Baltimore — In order to fight the problem of mass incarceration you have to hit the pinnate on all sides. Baltimore State Attorney Marilyn Mosby has her stick in hand with the launch of her new program “Aim to B’more.” This program gives people convicted of non violent crimes a second chance to positively affect their community.
Aim to B’more’s first class had 30 non violent drug offenders in attendance. A2B program requirements are for its participants to complete three years of probation, community service, a 5 month internship, and search for new employment. Then the icing on the cake is the participants get their record expunged after successfully completing the program. Ex-offenders are constantly reintroduced to society, but without proper training, they may struggle to find a job in an already harsh market. At times once you check that box and your record is exposed most candidates are overlooked for a the ones without a blemish.
When it comes to statistics Baltimore county has the fifth highest arrest rate for marijuana possessions in the USA. Unemployment is 8.4 percent city-wide. The national rate for unemployment for African-Americans in Baltimore is 10.1%. 148,000 people, or 23.8 percent of the people, live below the official poverty level.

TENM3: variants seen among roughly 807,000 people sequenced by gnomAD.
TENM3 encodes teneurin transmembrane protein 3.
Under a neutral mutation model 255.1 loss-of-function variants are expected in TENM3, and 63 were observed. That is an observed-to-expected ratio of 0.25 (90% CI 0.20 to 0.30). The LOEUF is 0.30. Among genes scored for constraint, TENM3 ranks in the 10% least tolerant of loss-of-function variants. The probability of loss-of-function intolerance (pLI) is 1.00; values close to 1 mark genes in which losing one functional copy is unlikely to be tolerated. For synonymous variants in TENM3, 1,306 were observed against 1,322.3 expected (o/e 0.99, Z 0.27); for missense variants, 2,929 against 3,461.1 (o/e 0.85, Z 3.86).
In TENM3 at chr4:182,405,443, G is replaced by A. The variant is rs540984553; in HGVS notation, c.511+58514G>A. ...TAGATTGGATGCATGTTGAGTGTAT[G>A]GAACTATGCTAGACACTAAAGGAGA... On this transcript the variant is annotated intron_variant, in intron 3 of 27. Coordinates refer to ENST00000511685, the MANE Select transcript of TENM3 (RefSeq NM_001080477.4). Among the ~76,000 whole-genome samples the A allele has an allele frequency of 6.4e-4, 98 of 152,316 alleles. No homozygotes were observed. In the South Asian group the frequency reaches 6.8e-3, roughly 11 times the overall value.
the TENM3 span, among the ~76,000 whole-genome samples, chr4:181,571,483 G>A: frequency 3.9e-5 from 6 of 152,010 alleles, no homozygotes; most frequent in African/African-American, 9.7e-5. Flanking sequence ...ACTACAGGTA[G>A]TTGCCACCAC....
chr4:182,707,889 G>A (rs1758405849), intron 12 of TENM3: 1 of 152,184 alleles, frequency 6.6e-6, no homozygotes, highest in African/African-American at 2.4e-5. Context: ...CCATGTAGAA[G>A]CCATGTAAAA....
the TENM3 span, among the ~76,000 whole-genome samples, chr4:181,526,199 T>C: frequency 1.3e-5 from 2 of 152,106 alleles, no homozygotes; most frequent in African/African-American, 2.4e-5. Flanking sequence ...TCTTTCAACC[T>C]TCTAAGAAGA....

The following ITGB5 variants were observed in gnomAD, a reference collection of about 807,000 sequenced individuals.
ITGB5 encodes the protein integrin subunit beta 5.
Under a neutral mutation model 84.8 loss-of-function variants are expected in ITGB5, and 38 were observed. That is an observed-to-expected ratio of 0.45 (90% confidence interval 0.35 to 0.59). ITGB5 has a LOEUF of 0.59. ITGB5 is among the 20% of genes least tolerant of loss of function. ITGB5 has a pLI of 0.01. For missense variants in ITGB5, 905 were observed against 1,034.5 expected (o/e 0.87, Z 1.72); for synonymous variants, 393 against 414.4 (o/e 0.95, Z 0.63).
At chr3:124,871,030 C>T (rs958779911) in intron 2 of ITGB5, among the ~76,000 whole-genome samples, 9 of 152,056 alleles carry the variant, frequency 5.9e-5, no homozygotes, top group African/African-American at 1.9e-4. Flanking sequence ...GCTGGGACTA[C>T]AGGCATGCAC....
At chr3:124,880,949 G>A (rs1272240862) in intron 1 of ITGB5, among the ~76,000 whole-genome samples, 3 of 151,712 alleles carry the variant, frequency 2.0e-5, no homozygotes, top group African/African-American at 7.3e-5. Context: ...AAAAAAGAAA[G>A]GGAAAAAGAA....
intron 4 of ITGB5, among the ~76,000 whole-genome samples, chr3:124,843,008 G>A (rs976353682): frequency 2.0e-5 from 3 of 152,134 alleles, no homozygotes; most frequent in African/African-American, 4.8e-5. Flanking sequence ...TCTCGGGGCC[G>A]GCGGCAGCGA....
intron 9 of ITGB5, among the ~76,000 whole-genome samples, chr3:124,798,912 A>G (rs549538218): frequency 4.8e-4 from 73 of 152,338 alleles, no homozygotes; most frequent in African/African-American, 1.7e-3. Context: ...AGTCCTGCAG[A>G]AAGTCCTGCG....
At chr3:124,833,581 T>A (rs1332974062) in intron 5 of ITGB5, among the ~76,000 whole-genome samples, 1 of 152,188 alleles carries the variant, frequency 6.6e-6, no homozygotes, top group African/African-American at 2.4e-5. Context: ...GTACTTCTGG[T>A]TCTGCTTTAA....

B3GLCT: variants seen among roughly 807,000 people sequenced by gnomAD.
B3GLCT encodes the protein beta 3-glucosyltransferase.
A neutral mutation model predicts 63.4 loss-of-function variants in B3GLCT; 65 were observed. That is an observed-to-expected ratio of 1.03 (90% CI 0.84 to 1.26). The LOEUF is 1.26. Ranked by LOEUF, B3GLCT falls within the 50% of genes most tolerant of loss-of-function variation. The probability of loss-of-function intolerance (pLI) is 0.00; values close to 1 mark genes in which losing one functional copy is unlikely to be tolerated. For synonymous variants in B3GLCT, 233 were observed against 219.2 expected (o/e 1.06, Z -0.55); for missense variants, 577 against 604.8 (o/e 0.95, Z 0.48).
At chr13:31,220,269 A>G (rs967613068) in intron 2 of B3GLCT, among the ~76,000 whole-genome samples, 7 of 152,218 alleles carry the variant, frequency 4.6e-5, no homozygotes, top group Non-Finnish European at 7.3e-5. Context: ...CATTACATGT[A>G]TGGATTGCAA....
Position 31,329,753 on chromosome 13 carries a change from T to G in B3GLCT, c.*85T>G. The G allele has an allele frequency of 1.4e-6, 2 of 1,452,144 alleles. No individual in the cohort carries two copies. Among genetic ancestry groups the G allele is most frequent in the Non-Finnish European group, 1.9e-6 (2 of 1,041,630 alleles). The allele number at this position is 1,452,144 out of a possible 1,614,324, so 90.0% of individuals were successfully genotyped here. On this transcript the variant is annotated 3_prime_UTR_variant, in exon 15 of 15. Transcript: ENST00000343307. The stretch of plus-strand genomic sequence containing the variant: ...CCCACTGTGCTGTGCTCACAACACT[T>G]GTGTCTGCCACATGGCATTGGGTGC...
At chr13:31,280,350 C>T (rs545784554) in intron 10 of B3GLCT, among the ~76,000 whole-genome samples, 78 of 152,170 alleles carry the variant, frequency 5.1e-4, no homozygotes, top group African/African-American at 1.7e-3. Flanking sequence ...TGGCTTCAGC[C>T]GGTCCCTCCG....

In a city with only 622,000, Programs like these are crucial.
“I would prefer to utilize the inundated courts for the worst of the worst and give our young people a second chance at redemption. People talk about Baltimore’s crime problem but was isn’t talked about is the real issue at hand: systematic poverty.” says Mosby who unveiled the program at a press conference at the Center for Urban Families.
There are many reintroduction programs nationwide, but A2B is in the right place at the right time in hopes it will be one program of many to bring change.
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Aim to B'More Press Conference @ CFUF (w/Baltimore State's Attorney, Marilyn Mosby, Esq.) from Center for Urban Families on Vimeo.
About The Center for Urban Families: Founded in 1999, CFUF has remained at the front-line of addressing some of our city’s most pressing issues, including poverty, unemployment, father-absence and family disintegration. They maintain an unwavering focus on addressing the key challenges of Baltimore’s urban families by working to connect fathers to their children, creating opportunities for economic and financial security through work, and providing access to other key interventions and supportive services.
Their core mission is to strengthen urban communities by helping fathers and families achieve stability and economic success.
Absolutely! Poverty is “at the root” and it’s nice to hear someone in office publicly acknowledge this!
I agree Danette! Right on!
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